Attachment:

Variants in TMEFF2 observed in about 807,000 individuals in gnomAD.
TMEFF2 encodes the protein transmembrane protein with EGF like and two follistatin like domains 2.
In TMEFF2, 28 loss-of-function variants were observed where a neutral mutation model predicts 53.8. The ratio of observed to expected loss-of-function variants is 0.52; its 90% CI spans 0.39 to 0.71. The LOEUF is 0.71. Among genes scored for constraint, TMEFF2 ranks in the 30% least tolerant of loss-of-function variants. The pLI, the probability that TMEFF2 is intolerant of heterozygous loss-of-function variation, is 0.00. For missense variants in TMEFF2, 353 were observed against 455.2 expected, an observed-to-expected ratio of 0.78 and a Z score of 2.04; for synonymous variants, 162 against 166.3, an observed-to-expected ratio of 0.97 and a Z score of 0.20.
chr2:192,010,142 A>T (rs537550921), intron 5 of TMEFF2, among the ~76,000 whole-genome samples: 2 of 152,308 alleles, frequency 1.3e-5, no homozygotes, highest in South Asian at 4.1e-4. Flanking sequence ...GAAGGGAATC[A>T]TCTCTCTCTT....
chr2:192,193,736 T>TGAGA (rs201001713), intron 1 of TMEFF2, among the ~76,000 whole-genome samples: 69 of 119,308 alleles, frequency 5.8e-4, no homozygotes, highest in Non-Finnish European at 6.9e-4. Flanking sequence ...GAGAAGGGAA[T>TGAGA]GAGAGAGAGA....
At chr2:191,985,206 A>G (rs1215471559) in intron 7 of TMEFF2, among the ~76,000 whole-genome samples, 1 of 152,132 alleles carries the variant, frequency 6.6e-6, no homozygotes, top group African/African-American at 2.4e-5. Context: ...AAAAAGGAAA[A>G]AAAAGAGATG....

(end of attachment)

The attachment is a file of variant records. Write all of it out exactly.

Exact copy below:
Variants in TMEFF2 observed in about 807,000 individuals in gnomAD.
TMEFF2 encodes the protein transmembrane protein with EGF like and two follistatin like domains 2.
In TMEFF2, 28 loss-of-function variants were observed where a neutral mutation model predicts 53.8. The ratio of observed to expected loss-of-function variants is 0.52; its 90% CI spans 0.39 to 0.71. The LOEUF is 0.71. Among genes scored for constraint, TMEFF2 ranks in the 30% least tolerant of loss-of-function variants. The pLI, the probability that TMEFF2 is intolerant of heterozygous loss-of-function variation, is 0.00. For missense variants in TMEFF2, 353 were observed against 455.2 expected, an observed-to-expected ratio of 0.78 and a Z score of 2.04; for synonymous variants, 162 against 166.3, an observed-to-expected ratio of 0.97 and a Z score of 0.20.
chr2:192,010,142 A>T (rs537550921), intron 5 of TMEFF2, among the ~76,000 whole-genome samples: 2 of 152,308 alleles, frequency 1.3e-5, no homozygotes, highest in South Asian at 4.1e-4. Flanking sequence ...GAAGGGAATC[A>T]TCTCTCTCTT....
chr2:192,193,736 T>TGAGA (rs201001713), intron 1 of TMEFF2, among the ~76,000 whole-genome samples: 69 of 119,308 alleles, frequency 5.8e-4, no homozygotes, highest in Non-Finnish European at 6.9e-4. Flanking sequence ...GAGAAGGGAA[T>TGAGA]GAGAGAGAGA....
At chr2:191,985,206 A>G (rs1215471559) in intron 7 of TMEFF2, among the ~76,000 whole-genome samples, 1 of 152,132 alleles carries the variant, frequency 6.6e-6, no homozygotes, top group African/African-American at 2.4e-5. Context: ...AAAAAGGAAA[A>G]AAAAGAGATG....